# Reducing divergences : Implementation challenges

My model looks like this:

``````    M = X_train.shape[1]
with pm.Model() as model:
ν = 1
λ = pm.HalfCauchy('lambda', 1)
τ2 = pm.InverseGamma('tau_sq', alpha=0.5*ν, beta=0.5*ν/λ, shape=M, testval=0.1)
σ = pm.HalfNormal("σ", 1.)

pred = pm.Data("pred", X_train)

mu = pm.Deterministic('mu',β0 + pm.math.dot(pred, β))
obs = pm.Normal("obs",mu , σ, observed=y_train)
``````

I find that there are many divergences for this specification. I’ve tried the following…

1. Using different initalizations (helps a little)
2. How do i reparametrize the halfCauchy? This seems to help with the Cauchy -https://github.com/pymc-devs/pymc3/issues/1924
1. Does it make sense to use a HalfStudentT in place of the HalfCauchy with dof 2?

Also any advice on how seriously to take divergences? I see in several models - the number of divergences does not affect the held out MAPE much. So is there a rule of thumb - say 10 or more divergences in 2 chains with 1000 tuning steps and 1000 draws is not ignorable?

Can you show how you’re defining `β0` and `β` in your code? And where `τ2` is being used in the code (as shown it isn’t actually used in the model). This will help figure out what might be causing the divergences.

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Here is the updated version of the code.

To paraphrase comments Aki Vehtari made after his keynote at last year’s PyMCon, the rule of thumb is that divergences are nothing to worry about as long as you have fewer than about one of them. In other words, divergences (any number) should not be ignored.

With a small number of divergences, I typically assume that I can fix things with small modifications to sampling parameters (e.g., targeted acceptance rates), but I always verify this by actually implementing those modifications. More divergences and you may have more of a pathological issue. PyMC3/arviz provides plenty of tools to investigate the divergences so that you can diagnose what all is going on.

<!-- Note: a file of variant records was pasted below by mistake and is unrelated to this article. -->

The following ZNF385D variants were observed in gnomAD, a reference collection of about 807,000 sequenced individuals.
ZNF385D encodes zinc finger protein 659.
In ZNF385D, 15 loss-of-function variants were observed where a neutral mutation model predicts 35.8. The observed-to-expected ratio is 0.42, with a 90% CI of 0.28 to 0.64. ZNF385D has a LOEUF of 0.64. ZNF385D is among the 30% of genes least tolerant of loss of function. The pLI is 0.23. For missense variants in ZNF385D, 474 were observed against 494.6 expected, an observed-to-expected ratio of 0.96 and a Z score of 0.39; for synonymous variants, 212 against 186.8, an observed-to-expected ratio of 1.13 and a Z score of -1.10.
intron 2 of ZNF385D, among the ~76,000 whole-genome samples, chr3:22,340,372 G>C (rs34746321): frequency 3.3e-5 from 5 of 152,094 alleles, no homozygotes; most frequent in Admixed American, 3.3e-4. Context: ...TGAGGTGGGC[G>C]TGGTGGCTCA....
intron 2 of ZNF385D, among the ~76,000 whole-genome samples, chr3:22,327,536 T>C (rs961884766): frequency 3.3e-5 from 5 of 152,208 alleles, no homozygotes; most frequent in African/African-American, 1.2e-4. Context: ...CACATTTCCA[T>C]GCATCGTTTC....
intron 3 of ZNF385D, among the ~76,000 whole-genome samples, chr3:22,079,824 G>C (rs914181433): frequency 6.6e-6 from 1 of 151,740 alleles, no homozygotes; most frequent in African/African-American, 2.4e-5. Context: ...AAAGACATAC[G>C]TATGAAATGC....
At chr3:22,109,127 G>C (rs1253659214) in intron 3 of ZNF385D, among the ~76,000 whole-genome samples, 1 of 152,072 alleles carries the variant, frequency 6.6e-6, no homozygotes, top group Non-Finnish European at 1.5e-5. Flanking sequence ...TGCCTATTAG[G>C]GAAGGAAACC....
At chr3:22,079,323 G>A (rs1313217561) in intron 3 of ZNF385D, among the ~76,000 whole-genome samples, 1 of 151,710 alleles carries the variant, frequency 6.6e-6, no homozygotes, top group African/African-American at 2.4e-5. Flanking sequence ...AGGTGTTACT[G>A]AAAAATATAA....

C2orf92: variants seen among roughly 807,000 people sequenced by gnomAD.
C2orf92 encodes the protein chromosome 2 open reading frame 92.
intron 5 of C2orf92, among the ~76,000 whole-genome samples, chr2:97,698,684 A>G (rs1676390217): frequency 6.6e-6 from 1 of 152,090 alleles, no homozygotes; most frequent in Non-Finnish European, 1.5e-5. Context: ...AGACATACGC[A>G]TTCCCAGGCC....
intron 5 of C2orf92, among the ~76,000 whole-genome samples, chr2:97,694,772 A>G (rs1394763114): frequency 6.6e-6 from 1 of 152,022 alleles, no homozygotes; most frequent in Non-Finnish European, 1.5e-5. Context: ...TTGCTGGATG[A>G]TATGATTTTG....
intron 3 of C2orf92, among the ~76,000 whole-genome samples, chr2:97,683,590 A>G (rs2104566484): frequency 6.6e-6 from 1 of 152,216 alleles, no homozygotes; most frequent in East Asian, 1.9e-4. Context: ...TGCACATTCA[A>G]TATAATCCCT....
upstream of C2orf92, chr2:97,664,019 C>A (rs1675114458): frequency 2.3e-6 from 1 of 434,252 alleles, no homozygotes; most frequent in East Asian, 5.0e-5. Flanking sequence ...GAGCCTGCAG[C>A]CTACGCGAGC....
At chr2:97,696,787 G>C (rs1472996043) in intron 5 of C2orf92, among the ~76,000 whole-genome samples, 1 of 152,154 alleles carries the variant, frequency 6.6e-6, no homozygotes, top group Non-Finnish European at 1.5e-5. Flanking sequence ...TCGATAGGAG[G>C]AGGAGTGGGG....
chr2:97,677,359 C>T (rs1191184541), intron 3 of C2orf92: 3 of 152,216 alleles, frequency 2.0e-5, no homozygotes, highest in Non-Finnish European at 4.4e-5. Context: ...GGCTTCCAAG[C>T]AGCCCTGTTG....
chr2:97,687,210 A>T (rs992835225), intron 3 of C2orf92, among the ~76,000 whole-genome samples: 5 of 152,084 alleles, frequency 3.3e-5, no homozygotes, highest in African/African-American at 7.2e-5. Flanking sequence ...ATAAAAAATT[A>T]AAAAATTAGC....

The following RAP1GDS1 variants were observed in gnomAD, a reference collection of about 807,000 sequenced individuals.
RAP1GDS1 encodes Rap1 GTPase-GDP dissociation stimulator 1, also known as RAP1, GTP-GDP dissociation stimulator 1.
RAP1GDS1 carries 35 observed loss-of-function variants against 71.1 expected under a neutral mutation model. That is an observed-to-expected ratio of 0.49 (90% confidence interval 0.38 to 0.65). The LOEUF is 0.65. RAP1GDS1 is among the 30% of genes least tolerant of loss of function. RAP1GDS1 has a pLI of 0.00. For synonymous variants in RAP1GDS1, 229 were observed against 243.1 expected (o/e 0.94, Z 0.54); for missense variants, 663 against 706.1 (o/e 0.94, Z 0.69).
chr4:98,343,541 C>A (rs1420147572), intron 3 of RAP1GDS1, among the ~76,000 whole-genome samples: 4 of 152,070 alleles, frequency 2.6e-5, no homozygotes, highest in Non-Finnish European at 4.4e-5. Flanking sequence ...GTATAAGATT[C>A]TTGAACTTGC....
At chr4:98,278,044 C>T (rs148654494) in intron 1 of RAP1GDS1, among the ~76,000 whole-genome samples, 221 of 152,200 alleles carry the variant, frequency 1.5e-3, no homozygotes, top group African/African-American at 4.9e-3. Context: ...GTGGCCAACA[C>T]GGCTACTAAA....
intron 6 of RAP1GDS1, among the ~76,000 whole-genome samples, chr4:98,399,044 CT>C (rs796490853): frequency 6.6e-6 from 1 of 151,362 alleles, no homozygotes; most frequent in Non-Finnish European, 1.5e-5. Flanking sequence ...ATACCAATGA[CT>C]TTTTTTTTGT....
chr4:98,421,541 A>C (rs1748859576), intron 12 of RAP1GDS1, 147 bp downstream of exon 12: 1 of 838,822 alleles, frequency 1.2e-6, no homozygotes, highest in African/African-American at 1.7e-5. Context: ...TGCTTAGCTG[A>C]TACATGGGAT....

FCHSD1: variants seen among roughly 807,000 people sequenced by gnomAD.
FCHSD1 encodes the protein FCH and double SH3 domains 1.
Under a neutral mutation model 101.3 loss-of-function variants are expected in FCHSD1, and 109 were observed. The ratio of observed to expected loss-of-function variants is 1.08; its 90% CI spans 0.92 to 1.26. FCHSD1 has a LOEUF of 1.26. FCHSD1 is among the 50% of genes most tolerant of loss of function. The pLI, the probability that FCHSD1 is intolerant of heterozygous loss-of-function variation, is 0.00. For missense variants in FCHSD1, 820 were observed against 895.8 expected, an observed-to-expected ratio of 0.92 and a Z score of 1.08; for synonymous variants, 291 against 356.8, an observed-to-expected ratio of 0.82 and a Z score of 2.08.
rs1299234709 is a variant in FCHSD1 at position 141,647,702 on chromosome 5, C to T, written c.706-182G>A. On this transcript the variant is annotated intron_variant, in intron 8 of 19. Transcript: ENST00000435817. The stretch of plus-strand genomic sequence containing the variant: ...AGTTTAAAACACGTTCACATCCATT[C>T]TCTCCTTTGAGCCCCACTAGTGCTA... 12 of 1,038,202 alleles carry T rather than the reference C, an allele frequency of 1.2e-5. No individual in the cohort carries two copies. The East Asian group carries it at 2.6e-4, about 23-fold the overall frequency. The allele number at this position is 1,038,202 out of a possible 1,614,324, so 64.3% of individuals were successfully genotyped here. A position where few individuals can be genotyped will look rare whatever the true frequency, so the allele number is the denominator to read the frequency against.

Thanks That is useful - Is there a particular link I can focus on to examine divergences? I usually find a simple regression model with one covariate for prior predictive checks, a full example with multiple covariates would be a great starting point.

Empirically I’ve found the test performance for predictive models to be incredibly close for 0 vs say 5 divergences. So I suspect it matters which parameter(s) is divergent. Any comments on reparametrization would also be welcome.

You can find the pymc3 notebook discussing the diagnosis of divergences here. It’s slightly out of date, and so many of the functions in that notebook have been (or are in the midst of being) moved into arviz. But that notebook should nonetheless give you good guidance about the general procedure.

Indeed. Ultimately, the divergences are simply an indication of what was going on during sampling. Divergences indicate that the sampler was having trouble and figuring out where in the parameter space the sampling was difficult (i.e., where the divergences were observed) is a major part of uncovering the relevant investigation. The notebook above specifically addresses this and presents a re-specified model that alleviates the uncovered sampling difficulties. Of course, you can get a stray divergence here or there for no obvious reason. But until you go digging, you’ll never know why.

Forgot to include the arviz examples. Here and here are a couple that you can use to compare to the pymc3 notebook linked above.

Thanks so much. Really appreciate the insights!

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